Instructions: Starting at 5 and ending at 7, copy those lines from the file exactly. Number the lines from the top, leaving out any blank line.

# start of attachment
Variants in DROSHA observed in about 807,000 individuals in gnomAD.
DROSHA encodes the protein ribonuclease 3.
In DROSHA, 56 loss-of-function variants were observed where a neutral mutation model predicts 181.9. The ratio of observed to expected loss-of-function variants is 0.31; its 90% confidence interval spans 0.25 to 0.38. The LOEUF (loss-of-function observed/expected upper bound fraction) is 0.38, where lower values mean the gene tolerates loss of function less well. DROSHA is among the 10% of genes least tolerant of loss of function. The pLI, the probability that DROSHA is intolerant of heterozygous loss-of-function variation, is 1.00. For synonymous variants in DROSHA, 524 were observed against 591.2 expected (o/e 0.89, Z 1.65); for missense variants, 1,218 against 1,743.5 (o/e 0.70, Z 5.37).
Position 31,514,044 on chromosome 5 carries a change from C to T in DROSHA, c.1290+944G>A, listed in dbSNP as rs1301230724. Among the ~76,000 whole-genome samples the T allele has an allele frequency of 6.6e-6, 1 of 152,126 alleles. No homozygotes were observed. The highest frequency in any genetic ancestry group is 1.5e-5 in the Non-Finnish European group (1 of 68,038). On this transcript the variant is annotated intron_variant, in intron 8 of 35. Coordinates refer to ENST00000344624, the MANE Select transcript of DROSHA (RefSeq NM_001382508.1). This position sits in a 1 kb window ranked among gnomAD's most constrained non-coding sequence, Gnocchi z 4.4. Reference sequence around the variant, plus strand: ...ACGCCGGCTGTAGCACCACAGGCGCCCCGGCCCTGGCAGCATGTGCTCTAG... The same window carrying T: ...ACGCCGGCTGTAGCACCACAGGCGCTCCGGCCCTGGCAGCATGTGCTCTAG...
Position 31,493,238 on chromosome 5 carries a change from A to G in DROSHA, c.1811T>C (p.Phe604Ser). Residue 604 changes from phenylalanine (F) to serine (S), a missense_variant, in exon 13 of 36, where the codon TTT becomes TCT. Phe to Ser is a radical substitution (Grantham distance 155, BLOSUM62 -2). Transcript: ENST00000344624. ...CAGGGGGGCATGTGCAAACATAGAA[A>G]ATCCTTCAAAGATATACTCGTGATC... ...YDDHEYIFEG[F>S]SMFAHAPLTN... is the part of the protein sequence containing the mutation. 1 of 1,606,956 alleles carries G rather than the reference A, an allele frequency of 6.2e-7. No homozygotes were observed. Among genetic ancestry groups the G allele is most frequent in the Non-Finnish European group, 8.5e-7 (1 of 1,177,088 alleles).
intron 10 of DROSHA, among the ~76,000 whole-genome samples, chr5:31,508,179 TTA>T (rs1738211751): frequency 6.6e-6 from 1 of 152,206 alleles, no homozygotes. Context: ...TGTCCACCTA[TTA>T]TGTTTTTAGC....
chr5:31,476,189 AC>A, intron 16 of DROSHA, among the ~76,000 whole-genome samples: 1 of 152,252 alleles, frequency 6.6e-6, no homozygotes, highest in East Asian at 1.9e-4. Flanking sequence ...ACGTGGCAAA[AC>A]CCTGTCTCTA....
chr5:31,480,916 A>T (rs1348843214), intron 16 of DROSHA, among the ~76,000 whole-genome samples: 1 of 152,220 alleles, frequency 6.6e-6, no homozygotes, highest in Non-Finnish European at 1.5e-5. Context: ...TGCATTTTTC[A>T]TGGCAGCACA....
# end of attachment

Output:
Position 31,493,238 on chromosome 5 carries a change from A to G in DROSHA, c.1811T>C (p.Phe604Ser). Residue 604 changes from phenylalanine (F) to serine (S), a missense_variant, in exon 13 of 36, where the codon TTT becomes TCT. Phe to Ser is a radical substitution (Grantham distance 155, BLOSUM62 -2). Transcript: ENST00000344624. ...CAGGGGGGCATGTGCAAACATAGAA[A>G]ATCCTTCAAAGATATACTCGTGATC... ...YDDHEYIFEG[F>S]SMFAHAPLTN... is the part of the protein sequence containing the mutation. 1 of 1,606,956 alleles carries G rather than the reference A, an allele frequency of 6.2e-7. No homozygotes were observed. Among genetic ancestry groups the G allele is most frequent in the Non-Finnish European group, 8.5e-7 (1 of 1,177,088 alleles).
intron 10 of DROSHA, among the ~76,000 whole-genome samples, chr5:31,508,179 TTA>T (rs1738211751): frequency 6.6e-6 from 1 of 152,206 alleles, no homozygotes. Context: ...TGTCCACCTA[TTA>T]TGTTTTTAGC....
chr5:31,476,189 AC>A, intron 16 of DROSHA, among the ~76,000 whole-genome samples: 1 of 152,252 alleles, frequency 6.6e-6, no homozygotes, highest in East Asian at 1.9e-4. Flanking sequence ...ACGTGGCAAA[AC>A]CCTGTCTCTA....